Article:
Carrying out supply chain mapping is very important in determining costs at every stage of the supply chain. For those organisations sourcing from abroad, they should take time to scrutinise the implication of international commercial terms (incoterms) in use. Improper acceptance and use of wrong incoterms will only add costs to the supply chain. Instead of paying insurance cost per every shipment through say cost, insurance, freight, why not have a blanket insurance for all the annual shipments. Carrying out a value analysis on the packaging costs can go a long way in eliminating unnecessary costs. Procurement planning helps reduce costs by ensuring use of effective and efficient mode of transport. Poor procurement planning leads to emergency procurements, hence fast and expensive mode is always the default transport system, thereby increasing costs.
Eradication of uncompetitive suppliers
Cost-cutting and containment opportunities should be communicated to suppliers. Those who are found not taking steps to reduce costs should be removed from your database. Sustainable cost reduction initiatives come from the suppliers as they have best knowledge about of cost drivers. A review of the existing sourcing policy helps identify opportunities. In some cases, competitive tendering helps to find new and competitive suppliers while single sourcing can provide economies of scale benefits. Challenging the status sourcing strategy and carrying out cost benefit analysis is a good practice.
Consideration of outsourcing
Outsourcing is a management strategy by which major non-core activities or functions are transferred to specialist, efficient, external providers. Central to the strategy is make or buy decisions. Certain huge capital procurements are better outsourced. When making outsourcing decisions, the total costs of ownership takes centre stage. The three steps of outsourcing involve selecting non-core activities, conducting a market test and finally setting sights high. The most popular outsourced services in Zimbabwe by the manufacturing sector is security, canteen services and a little bit of transportation and distribution services. Ironically, the major non-core functions in manufacturing sector by value is transportation and distribution, of which it the one with little consideration locally.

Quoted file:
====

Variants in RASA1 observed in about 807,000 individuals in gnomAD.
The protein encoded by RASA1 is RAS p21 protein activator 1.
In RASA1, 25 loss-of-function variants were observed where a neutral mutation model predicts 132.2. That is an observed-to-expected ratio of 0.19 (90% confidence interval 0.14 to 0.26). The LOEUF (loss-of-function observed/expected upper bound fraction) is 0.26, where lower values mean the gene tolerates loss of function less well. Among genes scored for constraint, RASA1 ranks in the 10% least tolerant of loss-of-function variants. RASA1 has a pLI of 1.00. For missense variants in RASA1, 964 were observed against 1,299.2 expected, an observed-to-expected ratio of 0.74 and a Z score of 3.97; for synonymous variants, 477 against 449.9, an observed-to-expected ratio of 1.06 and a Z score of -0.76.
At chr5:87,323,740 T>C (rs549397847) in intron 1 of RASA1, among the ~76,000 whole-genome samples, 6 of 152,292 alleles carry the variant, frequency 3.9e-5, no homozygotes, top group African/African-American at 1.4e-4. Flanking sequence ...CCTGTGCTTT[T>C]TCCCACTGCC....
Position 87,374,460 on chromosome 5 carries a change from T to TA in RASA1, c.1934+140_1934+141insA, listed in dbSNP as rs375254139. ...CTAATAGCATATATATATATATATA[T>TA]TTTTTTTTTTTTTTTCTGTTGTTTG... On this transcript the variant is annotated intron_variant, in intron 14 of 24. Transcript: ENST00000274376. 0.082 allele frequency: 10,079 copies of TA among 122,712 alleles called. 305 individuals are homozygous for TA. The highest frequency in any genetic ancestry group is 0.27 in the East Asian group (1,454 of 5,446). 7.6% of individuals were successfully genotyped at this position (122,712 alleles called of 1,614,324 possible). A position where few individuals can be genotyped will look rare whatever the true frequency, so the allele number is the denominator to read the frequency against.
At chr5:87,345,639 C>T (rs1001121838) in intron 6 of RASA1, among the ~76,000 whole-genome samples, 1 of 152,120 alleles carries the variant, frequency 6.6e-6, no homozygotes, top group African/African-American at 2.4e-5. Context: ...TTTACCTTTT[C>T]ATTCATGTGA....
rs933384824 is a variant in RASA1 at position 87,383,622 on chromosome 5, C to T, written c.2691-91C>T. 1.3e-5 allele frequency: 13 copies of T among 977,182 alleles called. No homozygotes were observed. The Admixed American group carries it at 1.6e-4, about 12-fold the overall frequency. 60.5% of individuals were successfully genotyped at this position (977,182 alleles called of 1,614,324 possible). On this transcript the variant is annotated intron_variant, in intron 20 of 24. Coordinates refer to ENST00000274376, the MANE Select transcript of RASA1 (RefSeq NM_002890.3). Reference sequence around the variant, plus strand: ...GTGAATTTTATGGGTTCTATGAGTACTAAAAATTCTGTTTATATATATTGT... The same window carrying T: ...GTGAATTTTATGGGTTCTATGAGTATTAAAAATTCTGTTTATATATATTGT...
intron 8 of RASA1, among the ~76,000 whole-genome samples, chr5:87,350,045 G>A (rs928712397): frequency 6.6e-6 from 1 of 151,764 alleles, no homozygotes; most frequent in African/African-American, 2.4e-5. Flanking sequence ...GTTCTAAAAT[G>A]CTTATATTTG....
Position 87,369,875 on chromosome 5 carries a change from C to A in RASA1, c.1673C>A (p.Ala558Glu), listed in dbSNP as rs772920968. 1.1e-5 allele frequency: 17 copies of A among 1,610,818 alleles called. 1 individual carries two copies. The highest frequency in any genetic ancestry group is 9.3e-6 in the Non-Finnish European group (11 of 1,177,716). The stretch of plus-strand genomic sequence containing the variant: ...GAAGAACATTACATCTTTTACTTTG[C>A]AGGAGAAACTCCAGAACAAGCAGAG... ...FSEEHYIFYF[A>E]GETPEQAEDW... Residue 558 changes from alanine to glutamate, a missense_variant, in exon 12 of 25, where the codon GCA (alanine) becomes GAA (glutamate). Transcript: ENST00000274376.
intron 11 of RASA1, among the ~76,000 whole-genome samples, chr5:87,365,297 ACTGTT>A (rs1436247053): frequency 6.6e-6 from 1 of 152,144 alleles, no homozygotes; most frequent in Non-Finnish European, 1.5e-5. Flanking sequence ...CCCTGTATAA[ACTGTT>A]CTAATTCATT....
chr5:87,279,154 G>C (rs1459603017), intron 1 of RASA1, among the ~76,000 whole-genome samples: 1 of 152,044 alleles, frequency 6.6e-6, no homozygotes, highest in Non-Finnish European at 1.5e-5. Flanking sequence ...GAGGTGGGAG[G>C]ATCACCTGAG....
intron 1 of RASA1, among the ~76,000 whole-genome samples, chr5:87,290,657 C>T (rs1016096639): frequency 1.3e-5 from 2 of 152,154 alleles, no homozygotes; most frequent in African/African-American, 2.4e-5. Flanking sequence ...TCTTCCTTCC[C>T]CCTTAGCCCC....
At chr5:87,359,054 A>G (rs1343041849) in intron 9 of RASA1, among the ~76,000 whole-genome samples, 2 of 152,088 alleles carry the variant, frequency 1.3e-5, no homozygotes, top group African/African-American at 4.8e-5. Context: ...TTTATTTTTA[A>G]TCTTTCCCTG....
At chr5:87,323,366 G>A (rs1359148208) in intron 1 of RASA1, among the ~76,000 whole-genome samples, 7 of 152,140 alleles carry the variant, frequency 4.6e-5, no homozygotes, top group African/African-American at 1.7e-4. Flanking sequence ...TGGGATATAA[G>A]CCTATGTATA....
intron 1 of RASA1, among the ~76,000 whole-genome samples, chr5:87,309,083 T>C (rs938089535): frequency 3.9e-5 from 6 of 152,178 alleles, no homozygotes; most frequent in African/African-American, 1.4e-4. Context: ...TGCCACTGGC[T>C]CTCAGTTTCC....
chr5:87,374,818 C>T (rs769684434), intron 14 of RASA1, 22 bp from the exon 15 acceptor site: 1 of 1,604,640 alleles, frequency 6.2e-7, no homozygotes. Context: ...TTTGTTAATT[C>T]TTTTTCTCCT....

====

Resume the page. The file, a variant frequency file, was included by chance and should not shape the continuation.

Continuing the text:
Better use of working capital
Procurement professionals play a huge role in management of the organisation’s working capital. Properly negotiated payment terms will go a long way in ensuring a firm’s viability. At a bare minimum, advance payment systems should be avoided only and unless if it’s part of a supplier development practice. Working capital management through inventory reduction helps to contain costs. In manufacturing organisations, adopting build-to-order systems as opposed to the make-to- stock system, has a huge impact on costs.
The procurement function should be centralised as this facilitates proper expenditure analysis. With a devolved procurement structure, duplication of purchases is high, hence opportunity areas become hidden. Economies of scale are difficult to make use of. Supplier rationalisation strategies leads to increased competition thereby reducing costs. It also helps in strategic supplier relationship management. In a centralised environment, staffing requirements are reduced and it leads to creation of expertise through category management. Procurement segmentation facilitates proper formulation of a clear category sourcing strategy.
Gibson Sibanda is a member of the Chartered Institute of Procurement and Supply (MCIPS), general secretary of Cips Zimbabwe branch. The views expressed in the article are entirely personal. For feedback you may contact him on firstname.lastname@example.org